Tuesday, March 19, 2019

Trying to Win Back Kimmie Gibler (One More Wife Will Fix The Problem)

My wife and I were both big Full House fans growing up, so we naturally watched the Fuller House sequel series on Netflix. One of the ongoing story points throughout the first season dealt with Kimmie Gibler and her soon-to-be ex-husband. Fernando had cheated on Kimmie repeatedly and so she had kicked him out and asked for a divorce. Fernando was trying to win her back by being romantic and making grand gestures. And any of the things he did throughout the series probably would have been sweet. If it wasn't for the fact that he was trying to make up for repeated infidelities. He was trying to mix some good things in to all of the bad he had done (and apparently was still doing), hoping it would make everything alright.

In Genesis 28, Isaac and Rebecca decided to send their younger son, Jacob, off to find a wife from Rebecca's family. When they did so, their older son Esau finally realized that his parents didn't really like the multiple Canaanite wives he already had. So Eau came up with what he thought was a brilliant strategy to fix the problem.  Esau visited his uncle Ishmael’s family and married one of Ishmael’s daughters, in addition to the wives he already had. His new wife’s name was Mahalath. She was the sister of Nebaioth and the daughter of Ishmael, Abraham’s son. (Genesis 28:9, NLT). Esau thought that adding another wife to his collection would solve the problem.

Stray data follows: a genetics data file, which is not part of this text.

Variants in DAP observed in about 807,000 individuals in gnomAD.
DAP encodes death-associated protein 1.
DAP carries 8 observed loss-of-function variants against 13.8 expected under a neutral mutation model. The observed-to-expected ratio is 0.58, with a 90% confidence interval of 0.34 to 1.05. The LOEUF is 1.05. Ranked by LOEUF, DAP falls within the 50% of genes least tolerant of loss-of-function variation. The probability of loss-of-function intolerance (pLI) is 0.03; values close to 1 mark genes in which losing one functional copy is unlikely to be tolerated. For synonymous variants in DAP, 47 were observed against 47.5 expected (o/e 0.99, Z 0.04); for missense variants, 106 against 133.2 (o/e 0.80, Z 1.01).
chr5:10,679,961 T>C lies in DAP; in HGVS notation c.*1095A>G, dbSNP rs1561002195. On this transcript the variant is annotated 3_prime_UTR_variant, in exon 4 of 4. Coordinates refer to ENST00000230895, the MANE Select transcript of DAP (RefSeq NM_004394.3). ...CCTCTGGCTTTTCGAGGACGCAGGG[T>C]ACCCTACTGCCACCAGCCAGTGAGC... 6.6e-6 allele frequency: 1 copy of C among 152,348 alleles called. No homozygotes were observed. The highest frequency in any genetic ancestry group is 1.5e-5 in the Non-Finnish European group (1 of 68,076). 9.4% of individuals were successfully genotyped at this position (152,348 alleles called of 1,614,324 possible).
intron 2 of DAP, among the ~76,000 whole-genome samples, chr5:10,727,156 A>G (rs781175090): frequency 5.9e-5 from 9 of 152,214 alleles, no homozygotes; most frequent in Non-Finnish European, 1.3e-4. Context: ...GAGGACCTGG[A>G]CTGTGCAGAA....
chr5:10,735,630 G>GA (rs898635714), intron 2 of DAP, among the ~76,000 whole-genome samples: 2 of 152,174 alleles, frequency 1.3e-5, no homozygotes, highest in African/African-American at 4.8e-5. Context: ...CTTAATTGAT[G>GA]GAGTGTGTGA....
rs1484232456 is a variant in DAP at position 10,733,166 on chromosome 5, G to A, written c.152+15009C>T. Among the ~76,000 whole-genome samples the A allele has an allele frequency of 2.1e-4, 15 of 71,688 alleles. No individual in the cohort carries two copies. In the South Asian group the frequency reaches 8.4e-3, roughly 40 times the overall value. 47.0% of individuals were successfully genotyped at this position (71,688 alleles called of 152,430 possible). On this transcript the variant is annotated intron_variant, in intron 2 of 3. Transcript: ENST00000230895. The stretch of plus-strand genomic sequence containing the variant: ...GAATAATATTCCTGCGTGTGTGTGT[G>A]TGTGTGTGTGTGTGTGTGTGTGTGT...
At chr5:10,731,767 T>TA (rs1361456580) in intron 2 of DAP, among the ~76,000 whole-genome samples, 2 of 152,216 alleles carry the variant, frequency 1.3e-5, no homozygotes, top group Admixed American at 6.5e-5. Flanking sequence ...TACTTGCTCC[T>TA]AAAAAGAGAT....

Esau seemed to have a very common misunderstanding. Esau thought that he could mix one good decision in with all of his bad decisions and everything would suddenly be ok. Now, we could talk about whether adding another wife to the mix was really a good decision but that, too, is kind of the point. When we think we can make one good decision to counteract all of our bad decisions, we simply are not employing good judgment.

How often do we try to place all of our hope on studying for one final test when we have blown off all the others? Or suddenly try to pay our bills first when we have wasted our money for months, hoping we can avoid getting something cut off or repossessed? Or try to make up for a consistently bad witness with a single act of kindness so we can share the gospel with someone?

I'm sure it didn't take Esau long to realize that his parents still weren't thrilled with the women he married and that adding one more wife didn't really fix the problem. Trying to mix a "good" decision in with a slew of bad ones doesn't make everything ok. The only remedy for a lot of bad decisions is consistently making good decisions. Just mixing one in amounts to nothing but a poor excuse to feel better about ourselves.

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